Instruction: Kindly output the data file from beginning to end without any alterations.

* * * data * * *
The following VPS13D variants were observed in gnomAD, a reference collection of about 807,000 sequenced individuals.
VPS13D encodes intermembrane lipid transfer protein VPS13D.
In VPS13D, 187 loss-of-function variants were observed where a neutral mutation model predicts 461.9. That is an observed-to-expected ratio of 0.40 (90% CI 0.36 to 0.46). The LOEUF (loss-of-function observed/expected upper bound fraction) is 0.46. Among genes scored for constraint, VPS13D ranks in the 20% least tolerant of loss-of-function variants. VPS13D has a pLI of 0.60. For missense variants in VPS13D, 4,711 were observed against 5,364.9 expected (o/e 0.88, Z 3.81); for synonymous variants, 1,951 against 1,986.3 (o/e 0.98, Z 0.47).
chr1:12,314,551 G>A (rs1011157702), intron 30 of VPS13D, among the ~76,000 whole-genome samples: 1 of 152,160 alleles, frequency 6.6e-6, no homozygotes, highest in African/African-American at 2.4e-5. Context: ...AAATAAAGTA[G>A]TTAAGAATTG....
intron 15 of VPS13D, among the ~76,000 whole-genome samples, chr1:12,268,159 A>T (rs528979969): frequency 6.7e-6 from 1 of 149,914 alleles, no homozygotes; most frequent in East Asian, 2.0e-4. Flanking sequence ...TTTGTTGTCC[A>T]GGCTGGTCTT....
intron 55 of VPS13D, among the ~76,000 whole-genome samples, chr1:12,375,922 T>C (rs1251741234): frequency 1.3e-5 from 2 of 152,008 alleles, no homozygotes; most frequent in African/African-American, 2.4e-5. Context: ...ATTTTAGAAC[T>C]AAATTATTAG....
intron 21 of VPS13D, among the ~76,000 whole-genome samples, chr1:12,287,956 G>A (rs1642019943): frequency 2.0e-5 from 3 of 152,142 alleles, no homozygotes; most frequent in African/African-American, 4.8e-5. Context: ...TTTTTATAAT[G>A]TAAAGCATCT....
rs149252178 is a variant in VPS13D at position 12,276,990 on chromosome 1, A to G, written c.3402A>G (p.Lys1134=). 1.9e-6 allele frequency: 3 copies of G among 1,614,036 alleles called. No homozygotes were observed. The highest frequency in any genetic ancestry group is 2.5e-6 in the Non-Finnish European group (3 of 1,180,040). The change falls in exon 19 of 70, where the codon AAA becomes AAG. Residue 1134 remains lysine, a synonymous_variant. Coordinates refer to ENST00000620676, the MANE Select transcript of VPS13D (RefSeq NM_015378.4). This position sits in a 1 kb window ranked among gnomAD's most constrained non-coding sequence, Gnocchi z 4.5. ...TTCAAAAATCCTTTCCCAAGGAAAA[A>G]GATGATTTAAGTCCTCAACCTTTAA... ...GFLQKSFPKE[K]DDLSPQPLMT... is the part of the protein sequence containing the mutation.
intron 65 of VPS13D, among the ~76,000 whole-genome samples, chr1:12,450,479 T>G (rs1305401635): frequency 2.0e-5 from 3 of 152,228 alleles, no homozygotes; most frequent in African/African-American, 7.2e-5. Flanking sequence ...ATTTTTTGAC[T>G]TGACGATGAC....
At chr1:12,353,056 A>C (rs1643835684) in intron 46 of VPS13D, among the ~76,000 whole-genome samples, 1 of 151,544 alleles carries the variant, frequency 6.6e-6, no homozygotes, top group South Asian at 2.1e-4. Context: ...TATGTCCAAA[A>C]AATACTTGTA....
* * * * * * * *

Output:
The following VPS13D variants were observed in gnomAD, a reference collection of about 807,000 sequenced individuals.
VPS13D encodes intermembrane lipid transfer protein VPS13D.
In VPS13D, 187 loss-of-function variants were observed where a neutral mutation model predicts 461.9. That is an observed-to-expected ratio of 0.40 (90% CI 0.36 to 0.46). The LOEUF (loss-of-function observed/expected upper bound fraction) is 0.46. Among genes scored for constraint, VPS13D ranks in the 20% least tolerant of loss-of-function variants. VPS13D has a pLI of 0.60. For missense variants in VPS13D, 4,711 were observed against 5,364.9 expected (o/e 0.88, Z 3.81); for synonymous variants, 1,951 against 1,986.3 (o/e 0.98, Z 0.47).
chr1:12,314,551 G>A (rs1011157702), intron 30 of VPS13D, among the ~76,000 whole-genome samples: 1 of 152,160 alleles, frequency 6.6e-6, no homozygotes, highest in African/African-American at 2.4e-5. Context: ...AAATAAAGTA[G>A]TTAAGAATTG....
intron 15 of VPS13D, among the ~76,000 whole-genome samples, chr1:12,268,159 A>T (rs528979969): frequency 6.7e-6 from 1 of 149,914 alleles, no homozygotes; most frequent in East Asian, 2.0e-4. Flanking sequence ...TTTGTTGTCC[A>T]GGCTGGTCTT....
intron 55 of VPS13D, among the ~76,000 whole-genome samples, chr1:12,375,922 T>C (rs1251741234): frequency 1.3e-5 from 2 of 152,008 alleles, no homozygotes; most frequent in African/African-American, 2.4e-5. Context: ...ATTTTAGAAC[T>C]AAATTATTAG....
intron 21 of VPS13D, among the ~76,000 whole-genome samples, chr1:12,287,956 G>A (rs1642019943): frequency 2.0e-5 from 3 of 152,142 alleles, no homozygotes; most frequent in African/African-American, 4.8e-5. Context: ...TTTTTATAAT[G>A]TAAAGCATCT....
rs149252178 is a variant in VPS13D at position 12,276,990 on chromosome 1, A to G, written c.3402A>G (p.Lys1134=). 1.9e-6 allele frequency: 3 copies of G among 1,614,036 alleles called. No homozygotes were observed. The highest frequency in any genetic ancestry group is 2.5e-6 in the Non-Finnish European group (3 of 1,180,040). The change falls in exon 19 of 70, where the codon AAA becomes AAG. Residue 1134 remains lysine, a synonymous_variant. Coordinates refer to ENST00000620676, the MANE Select transcript of VPS13D (RefSeq NM_015378.4). This position sits in a 1 kb window ranked among gnomAD's most constrained non-coding sequence, Gnocchi z 4.5. ...TTCAAAAATCCTTTCCCAAGGAAAA[A>G]GATGATTTAAGTCCTCAACCTTTAA... ...GFLQKSFPKE[K]DDLSPQPLMT... is the part of the protein sequence containing the mutation.
intron 65 of VPS13D, among the ~76,000 whole-genome samples, chr1:12,450,479 T>G (rs1305401635): frequency 2.0e-5 from 3 of 152,228 alleles, no homozygotes; most frequent in African/African-American, 7.2e-5. Flanking sequence ...ATTTTTTGAC[T>G]TGACGATGAC....
At chr1:12,353,056 A>C (rs1643835684) in intron 46 of VPS13D, among the ~76,000 whole-genome samples, 1 of 151,544 alleles carries the variant, frequency 6.6e-6, no homozygotes, top group South Asian at 2.1e-4. Context: ...TATGTCCAAA[A>C]AATACTTGTA....